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Wildlife Garden in January

The wildlife garden in January.

It’s hard to imagine the discomfort experienced by wildlife and birds trying to survive on what’s left over in the garden after a long, hot summer, followed by a long, cold winter.


Even with the good fortune of fairly mild weather – there may not be much food around for hungry mouths. With nesting season only a couple of months away, now is a good time to feed high-energy, fatty foods for birds to help them last the cold season and build their strength for Spring.
Other animals that come out of hiding on milder days, looking for an energy boost to help them survive the cold nights, would benefit from a few morsels left out. Many urban and semi-rural gardens are homes to hedgehogs, foxes, badgers, birds, squirrels plus a host of smaller mammals and mini-beasts.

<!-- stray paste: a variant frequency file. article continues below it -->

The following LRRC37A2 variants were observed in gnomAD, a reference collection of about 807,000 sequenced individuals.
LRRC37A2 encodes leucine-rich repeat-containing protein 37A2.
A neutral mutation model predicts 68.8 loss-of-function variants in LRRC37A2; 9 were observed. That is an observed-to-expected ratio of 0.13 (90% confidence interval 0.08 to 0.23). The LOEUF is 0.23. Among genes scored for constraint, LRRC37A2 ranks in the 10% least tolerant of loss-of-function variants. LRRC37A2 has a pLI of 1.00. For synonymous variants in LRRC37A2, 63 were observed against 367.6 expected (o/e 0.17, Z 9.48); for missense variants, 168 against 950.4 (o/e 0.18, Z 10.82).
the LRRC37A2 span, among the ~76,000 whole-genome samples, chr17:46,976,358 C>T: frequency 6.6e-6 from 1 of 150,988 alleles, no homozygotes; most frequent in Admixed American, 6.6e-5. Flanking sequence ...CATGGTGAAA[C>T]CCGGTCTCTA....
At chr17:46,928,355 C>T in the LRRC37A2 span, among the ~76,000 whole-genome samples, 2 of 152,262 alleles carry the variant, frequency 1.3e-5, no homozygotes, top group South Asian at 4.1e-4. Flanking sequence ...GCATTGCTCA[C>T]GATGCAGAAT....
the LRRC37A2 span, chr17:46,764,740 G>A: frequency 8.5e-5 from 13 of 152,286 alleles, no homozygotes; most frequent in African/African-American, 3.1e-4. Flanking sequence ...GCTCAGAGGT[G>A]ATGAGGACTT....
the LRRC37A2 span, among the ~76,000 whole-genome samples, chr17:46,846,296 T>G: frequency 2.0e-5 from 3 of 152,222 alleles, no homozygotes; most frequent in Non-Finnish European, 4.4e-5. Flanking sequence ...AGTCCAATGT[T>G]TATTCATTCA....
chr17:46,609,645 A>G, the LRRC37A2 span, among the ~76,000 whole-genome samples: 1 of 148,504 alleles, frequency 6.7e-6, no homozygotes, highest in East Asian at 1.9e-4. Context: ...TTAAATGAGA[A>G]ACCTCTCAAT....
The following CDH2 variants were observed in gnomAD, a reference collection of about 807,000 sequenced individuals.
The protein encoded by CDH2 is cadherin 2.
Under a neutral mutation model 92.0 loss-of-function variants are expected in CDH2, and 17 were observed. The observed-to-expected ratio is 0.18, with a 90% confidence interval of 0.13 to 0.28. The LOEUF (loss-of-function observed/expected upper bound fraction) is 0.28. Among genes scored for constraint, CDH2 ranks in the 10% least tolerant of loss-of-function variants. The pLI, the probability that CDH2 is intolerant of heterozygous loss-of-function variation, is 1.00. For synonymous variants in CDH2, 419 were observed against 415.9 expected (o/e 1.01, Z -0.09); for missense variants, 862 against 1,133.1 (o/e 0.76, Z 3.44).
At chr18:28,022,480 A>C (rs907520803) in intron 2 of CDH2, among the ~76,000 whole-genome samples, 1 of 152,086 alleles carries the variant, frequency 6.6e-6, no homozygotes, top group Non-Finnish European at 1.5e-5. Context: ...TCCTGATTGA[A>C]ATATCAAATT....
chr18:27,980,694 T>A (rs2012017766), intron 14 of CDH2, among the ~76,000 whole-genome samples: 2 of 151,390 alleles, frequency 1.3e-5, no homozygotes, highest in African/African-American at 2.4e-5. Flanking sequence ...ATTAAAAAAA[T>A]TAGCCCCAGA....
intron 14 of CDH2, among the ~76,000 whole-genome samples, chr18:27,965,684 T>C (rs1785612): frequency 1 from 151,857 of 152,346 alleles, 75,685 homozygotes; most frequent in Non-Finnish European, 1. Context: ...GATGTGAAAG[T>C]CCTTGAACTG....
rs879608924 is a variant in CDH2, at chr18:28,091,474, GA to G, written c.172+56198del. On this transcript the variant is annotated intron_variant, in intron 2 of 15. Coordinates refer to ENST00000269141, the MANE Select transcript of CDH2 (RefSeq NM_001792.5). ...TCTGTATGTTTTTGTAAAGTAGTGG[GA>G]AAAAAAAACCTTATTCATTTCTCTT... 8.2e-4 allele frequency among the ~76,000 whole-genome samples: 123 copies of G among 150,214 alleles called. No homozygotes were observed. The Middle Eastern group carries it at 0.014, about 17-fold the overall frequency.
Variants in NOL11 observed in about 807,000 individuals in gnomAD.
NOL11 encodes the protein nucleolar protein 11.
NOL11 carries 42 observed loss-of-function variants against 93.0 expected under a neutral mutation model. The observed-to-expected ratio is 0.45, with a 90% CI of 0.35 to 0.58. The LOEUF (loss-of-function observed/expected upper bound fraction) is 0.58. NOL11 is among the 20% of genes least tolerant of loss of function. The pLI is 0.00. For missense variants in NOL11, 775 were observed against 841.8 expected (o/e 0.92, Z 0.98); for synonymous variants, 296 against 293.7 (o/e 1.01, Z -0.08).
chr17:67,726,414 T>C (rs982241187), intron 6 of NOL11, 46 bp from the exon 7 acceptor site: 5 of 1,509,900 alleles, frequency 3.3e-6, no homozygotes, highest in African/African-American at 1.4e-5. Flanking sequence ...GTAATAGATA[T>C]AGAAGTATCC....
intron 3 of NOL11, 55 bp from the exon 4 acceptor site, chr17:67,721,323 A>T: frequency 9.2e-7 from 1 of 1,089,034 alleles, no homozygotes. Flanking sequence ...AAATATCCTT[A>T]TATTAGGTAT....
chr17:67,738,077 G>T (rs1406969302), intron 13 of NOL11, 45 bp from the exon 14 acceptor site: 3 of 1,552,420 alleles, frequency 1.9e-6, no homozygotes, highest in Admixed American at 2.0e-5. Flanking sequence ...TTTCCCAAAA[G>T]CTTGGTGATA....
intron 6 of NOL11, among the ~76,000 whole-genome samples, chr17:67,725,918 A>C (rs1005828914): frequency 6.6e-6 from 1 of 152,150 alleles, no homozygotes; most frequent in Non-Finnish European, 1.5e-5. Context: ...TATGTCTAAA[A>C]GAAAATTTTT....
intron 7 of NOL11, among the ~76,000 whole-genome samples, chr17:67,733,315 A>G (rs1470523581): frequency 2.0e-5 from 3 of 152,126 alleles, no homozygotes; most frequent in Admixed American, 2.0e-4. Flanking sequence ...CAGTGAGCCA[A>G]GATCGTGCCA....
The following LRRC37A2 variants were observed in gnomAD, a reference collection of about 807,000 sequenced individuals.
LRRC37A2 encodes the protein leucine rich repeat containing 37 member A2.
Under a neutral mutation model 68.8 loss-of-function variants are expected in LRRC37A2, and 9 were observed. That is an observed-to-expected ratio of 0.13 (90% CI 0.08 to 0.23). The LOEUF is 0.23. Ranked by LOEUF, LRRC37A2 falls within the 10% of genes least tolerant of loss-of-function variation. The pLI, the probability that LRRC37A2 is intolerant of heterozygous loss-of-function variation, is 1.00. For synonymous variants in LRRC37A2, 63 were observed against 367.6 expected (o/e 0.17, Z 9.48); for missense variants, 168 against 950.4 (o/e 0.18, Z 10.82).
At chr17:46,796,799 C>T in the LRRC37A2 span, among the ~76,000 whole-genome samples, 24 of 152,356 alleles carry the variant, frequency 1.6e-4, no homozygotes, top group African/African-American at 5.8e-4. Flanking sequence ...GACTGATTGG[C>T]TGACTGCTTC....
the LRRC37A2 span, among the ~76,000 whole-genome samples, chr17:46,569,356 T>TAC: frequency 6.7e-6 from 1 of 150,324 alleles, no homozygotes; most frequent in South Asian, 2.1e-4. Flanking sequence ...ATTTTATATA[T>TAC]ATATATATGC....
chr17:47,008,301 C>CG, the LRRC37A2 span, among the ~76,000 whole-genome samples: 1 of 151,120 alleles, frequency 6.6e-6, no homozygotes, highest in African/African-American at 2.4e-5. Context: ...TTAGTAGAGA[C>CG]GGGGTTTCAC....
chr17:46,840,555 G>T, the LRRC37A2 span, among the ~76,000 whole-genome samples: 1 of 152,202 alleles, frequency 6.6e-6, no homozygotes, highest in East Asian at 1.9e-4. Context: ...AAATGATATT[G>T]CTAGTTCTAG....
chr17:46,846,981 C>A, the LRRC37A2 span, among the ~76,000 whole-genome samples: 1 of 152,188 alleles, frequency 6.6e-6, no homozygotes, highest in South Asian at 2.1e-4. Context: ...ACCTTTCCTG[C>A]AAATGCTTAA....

Gardens close to specific wildlife habitats, such as woodland, might be visited by other wildlife, like deer, if the garden is accessible.
All garden wildlife needs water to drink – keeping bowls and ponds accessible by clearing a space in ice is often overlooked during particularly cold times but an essential activity in maintaining an active wildlife garden.
There might be small areas tucked away around the garden, which may provide suitable hideaways and cosy dens; a log pile at the end of the garden, access to undergrowth and hedging, plus some bird boxes, bat houses, bug hotels and butterfly houses should help keep the wildlife garden visitors safer and more comfortable until the better weather comes along.

Wildlife garden blog : January.

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